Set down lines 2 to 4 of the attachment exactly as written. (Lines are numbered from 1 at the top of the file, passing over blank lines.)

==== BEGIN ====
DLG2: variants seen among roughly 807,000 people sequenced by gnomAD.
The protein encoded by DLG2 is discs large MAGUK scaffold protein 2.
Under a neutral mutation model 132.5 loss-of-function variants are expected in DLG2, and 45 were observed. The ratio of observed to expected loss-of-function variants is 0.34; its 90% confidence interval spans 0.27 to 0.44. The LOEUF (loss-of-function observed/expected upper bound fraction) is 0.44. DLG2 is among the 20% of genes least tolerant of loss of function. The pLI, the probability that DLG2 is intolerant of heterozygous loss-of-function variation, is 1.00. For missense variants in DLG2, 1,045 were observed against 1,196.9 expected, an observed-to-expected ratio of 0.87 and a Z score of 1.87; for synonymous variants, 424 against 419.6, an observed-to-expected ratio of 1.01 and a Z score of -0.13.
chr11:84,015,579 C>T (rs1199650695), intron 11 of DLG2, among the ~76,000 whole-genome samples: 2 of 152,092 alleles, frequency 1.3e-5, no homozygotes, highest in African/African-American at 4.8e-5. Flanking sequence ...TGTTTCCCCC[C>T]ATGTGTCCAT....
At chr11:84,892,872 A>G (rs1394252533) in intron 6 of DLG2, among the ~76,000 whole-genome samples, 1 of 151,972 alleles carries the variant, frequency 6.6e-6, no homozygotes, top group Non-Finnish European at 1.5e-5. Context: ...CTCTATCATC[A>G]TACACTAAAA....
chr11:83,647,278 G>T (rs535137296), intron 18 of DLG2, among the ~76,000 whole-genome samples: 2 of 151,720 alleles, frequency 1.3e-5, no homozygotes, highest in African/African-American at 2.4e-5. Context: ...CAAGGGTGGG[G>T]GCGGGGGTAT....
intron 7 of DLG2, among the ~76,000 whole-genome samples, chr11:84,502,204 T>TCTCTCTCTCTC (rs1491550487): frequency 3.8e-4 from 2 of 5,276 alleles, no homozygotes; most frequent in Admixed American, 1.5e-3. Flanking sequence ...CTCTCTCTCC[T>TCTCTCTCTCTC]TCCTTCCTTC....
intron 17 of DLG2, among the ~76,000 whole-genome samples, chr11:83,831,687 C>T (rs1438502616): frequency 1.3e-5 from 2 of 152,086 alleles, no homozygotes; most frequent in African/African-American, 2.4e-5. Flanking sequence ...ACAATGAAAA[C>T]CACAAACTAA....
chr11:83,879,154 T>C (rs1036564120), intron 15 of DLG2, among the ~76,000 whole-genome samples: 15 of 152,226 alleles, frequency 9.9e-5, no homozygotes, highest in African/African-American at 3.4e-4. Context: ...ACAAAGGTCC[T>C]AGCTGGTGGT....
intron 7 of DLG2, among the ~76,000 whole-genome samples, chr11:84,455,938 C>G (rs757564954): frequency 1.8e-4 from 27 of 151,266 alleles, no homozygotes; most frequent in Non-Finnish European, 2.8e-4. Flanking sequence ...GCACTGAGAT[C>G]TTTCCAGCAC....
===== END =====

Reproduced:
The protein encoded by DLG2 is discs large MAGUK scaffold protein 2.
Under a neutral mutation model 132.5 loss-of-function variants are expected in DLG2, and 45 were observed. The ratio of observed to expected loss-of-function variants is 0.34; its 90% confidence interval spans 0.27 to 0.44. The LOEUF (loss-of-function observed/expected upper bound fraction) is 0.44. DLG2 is among the 20% of genes least tolerant of loss of function. The pLI, the probability that DLG2 is intolerant of heterozygous loss-of-function variation, is 1.00. For missense variants in DLG2, 1,045 were observed against 1,196.9 expected, an observed-to-expected ratio of 0.87 and a Z score of 1.87; for synonymous variants, 424 against 419.6, an observed-to-expected ratio of 1.01 and a Z score of -0.13.
chr11:84,015,579 C>T (rs1199650695), intron 11 of DLG2, among the ~76,000 whole-genome samples: 2 of 152,092 alleles, frequency 1.3e-5, no homozygotes, highest in African/African-American at 4.8e-5. Flanking sequence ...TGTTTCCCCC[C>T]ATGTGTCCAT....